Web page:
Which made her the perfect target for a sword-kebab. Annette snuck out, tip-toeing before thrusting through her back.
She yelped, putting her hand to her chest. As much as she might have tried to get out some last words, all she did was yell while Annette pushed the sword further down. It didn’t take long for her to fall like the rest of them.
Annette put a cocky hand on her hip. “Let’s try to find your kids, okay?”
“If any of them get hurt, I’m gonna turn that sword on you,” said Julienne.
Annette walked in the front door, and found Sinbad and Amy unharmed. They still had their guns and not a hair out of place.
Amy pouted a bit. “We were just making sure that no one got to the kids,” she said. “Uh…you like the work we did?”
She looked towards her feet. Annette’s boots were inches away from a huge, splattered puddle of blood and two corpses on the floor.
“It’s beautiful,” she said. “But…new plan. You guys get the kids and Jules into the van. I’ll catch up with you guys, but I think I’ll take care of the rest.”
“You mean it?” Amy asked.
“Well, I’m the immortal one, aren’t I?”
She ushered the kids out of the bathroom, noticing as they gingerly stepped over more dead bodies. Annette was almost speechless at the kill count her spouses racked up. It was even better than the work in the foyer! And a prime example of defense, in case the Terrebonne State Police got involved.
None of the corpses looked like Armstrong, though. Which is what Annette hoped for. She wanted that kill to be hers and only hers. She wanted his head sliced off and mounted for her basement chambers. A bloody trophy for all she put up with for almost two decades.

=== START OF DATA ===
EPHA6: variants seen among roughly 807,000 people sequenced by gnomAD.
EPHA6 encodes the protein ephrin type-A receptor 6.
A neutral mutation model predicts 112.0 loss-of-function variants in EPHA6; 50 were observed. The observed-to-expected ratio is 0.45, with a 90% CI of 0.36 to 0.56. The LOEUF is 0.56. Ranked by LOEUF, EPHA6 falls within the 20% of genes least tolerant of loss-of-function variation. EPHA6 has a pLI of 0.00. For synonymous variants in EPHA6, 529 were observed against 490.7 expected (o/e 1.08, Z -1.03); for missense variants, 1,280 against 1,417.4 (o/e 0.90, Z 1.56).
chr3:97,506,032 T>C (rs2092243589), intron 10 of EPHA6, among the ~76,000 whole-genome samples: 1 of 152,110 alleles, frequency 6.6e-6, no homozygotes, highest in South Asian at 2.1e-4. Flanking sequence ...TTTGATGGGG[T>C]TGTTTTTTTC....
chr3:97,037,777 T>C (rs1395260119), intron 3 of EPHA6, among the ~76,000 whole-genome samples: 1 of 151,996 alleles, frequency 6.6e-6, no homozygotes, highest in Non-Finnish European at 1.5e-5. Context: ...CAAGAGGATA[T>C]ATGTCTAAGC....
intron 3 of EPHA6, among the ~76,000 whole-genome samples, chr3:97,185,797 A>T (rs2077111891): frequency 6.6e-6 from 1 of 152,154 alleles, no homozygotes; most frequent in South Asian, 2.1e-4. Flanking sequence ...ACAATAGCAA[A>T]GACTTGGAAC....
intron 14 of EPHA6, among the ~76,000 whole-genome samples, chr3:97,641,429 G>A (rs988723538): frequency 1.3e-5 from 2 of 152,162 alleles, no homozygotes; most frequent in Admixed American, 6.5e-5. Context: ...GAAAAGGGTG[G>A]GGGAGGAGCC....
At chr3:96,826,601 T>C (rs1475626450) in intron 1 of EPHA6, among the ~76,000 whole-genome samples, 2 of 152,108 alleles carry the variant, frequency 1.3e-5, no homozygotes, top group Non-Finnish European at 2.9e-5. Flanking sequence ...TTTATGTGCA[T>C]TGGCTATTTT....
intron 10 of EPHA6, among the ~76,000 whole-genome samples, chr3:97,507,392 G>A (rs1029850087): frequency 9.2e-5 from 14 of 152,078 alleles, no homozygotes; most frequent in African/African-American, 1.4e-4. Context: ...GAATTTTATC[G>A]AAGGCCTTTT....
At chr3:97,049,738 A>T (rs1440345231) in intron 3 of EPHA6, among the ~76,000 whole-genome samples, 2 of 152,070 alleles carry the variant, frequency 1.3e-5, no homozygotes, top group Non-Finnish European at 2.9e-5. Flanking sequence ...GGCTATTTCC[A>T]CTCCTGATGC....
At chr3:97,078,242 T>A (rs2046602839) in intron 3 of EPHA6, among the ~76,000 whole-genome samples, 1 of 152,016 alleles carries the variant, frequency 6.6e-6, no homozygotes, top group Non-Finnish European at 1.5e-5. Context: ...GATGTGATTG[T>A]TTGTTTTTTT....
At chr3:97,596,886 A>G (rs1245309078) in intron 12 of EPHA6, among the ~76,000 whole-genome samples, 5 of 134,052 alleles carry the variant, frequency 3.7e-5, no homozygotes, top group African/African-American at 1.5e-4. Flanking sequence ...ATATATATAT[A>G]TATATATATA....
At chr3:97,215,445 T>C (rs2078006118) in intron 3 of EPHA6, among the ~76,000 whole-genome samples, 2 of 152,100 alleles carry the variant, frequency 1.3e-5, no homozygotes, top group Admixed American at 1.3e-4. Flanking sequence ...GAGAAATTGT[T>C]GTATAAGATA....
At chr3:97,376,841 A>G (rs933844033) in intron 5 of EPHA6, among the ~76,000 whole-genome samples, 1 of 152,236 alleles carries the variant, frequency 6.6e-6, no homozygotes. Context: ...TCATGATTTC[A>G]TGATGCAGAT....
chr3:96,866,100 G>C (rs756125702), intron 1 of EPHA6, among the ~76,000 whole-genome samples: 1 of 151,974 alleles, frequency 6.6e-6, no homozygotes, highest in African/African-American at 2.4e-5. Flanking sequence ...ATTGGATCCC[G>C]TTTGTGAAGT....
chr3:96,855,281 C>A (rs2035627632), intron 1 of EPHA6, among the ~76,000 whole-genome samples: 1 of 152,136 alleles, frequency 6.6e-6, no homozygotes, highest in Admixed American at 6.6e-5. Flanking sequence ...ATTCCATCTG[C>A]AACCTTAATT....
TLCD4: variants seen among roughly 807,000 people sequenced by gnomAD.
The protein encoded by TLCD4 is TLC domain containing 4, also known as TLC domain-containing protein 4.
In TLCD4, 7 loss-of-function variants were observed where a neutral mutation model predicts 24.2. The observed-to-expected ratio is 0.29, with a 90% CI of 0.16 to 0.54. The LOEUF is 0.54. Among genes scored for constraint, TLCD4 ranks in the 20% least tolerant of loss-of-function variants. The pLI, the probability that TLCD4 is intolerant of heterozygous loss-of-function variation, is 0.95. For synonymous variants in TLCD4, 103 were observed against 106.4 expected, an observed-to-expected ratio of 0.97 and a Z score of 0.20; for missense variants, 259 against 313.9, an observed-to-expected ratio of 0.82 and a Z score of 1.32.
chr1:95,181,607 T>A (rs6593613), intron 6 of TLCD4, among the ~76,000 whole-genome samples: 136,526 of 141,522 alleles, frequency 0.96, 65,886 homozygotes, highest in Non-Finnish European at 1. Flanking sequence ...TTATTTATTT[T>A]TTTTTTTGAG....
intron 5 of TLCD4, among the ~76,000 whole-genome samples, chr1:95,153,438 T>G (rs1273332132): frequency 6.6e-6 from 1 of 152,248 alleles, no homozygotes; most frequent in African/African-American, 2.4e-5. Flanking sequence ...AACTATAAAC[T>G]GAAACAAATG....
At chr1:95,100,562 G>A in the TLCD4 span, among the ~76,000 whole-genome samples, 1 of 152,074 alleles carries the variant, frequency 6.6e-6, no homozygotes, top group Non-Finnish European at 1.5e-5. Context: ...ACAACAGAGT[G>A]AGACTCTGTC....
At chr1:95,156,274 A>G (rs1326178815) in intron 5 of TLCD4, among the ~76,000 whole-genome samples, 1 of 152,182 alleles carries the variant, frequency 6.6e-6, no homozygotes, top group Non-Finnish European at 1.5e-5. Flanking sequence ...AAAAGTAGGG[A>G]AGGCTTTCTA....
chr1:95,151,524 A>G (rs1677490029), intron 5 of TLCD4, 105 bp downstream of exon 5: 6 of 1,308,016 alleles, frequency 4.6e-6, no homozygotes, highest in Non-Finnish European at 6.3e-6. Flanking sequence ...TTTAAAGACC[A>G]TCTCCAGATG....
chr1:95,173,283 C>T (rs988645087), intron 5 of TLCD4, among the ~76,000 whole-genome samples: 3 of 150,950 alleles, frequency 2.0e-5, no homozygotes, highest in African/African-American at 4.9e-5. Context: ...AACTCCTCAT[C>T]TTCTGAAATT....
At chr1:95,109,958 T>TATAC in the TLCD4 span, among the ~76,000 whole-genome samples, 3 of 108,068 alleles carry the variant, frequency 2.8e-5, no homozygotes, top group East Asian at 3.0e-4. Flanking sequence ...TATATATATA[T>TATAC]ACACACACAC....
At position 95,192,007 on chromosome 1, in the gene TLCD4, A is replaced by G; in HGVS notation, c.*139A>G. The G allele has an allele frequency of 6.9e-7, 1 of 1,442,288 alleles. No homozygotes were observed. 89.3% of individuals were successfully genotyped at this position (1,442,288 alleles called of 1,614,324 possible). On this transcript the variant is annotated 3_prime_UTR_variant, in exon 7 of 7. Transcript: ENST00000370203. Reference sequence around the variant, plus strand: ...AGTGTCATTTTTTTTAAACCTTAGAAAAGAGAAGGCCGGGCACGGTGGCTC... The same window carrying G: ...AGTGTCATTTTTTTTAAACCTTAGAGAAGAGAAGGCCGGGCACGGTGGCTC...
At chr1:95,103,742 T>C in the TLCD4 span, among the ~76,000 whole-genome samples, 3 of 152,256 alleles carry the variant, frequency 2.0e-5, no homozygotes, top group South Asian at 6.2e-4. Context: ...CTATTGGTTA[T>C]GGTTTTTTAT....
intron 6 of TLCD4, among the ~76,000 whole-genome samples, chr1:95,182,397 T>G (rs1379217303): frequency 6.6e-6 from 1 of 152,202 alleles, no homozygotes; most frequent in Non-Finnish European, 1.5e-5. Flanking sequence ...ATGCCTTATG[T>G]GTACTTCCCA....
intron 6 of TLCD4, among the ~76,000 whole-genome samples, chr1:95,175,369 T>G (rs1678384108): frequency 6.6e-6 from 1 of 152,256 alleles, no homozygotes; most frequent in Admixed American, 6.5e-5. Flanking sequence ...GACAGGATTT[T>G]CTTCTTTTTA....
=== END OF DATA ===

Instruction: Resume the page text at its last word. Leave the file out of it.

So that meant a lot of watching from the porch.
Annette waited on the stairs, watching the street and concerned passersby. They’d screw her over too, wouldn’t they? But she had her own case, in the event that the law caught up with her. Or at least she tried to form the scenario in her head.
“So, how many more do you think?”
Annette jerked her head around to find Julienne standing on the porch.
“Dude, you were supposed to go with the others,” she said. “Don’t you want to be in Monterey with your kids?”
“Look, we can catch up, or charter another flight,” said Julienne. “But…I guess I want to stick this one through.”
“You wouldn’t get killed in the van. But you’re gonna get killed here. They want your head…both sides do.”
Julienne took a seat next to Annette on the stairs. She even cracked a tiny smile. “It’s…it’s easy to get suckered into watching this stuff. Maybe that’s why so many people like siding with you. No one expects this stuff to ever happen.”
“So my life and struggles are just one big movie to you?” Annette asked.
“That’s just so privileged…I’ll take it.”
Before Annette got too distracted by the crickets and cicadas of the night, she got what she wished for. And also what she didn’t. Armstrong and Goodwin, standing together with their guns.
She was ready to face their fire, but Armstrong had his rifle raised before she got far.
“Stupid mooks can’t do a damn thing without getting killed,” he grumbled, before firing rounds into Annette. He aimed for the stomach like the rest of them. She stood there and shrugged. It didn’t seem like she could even double-up on scars.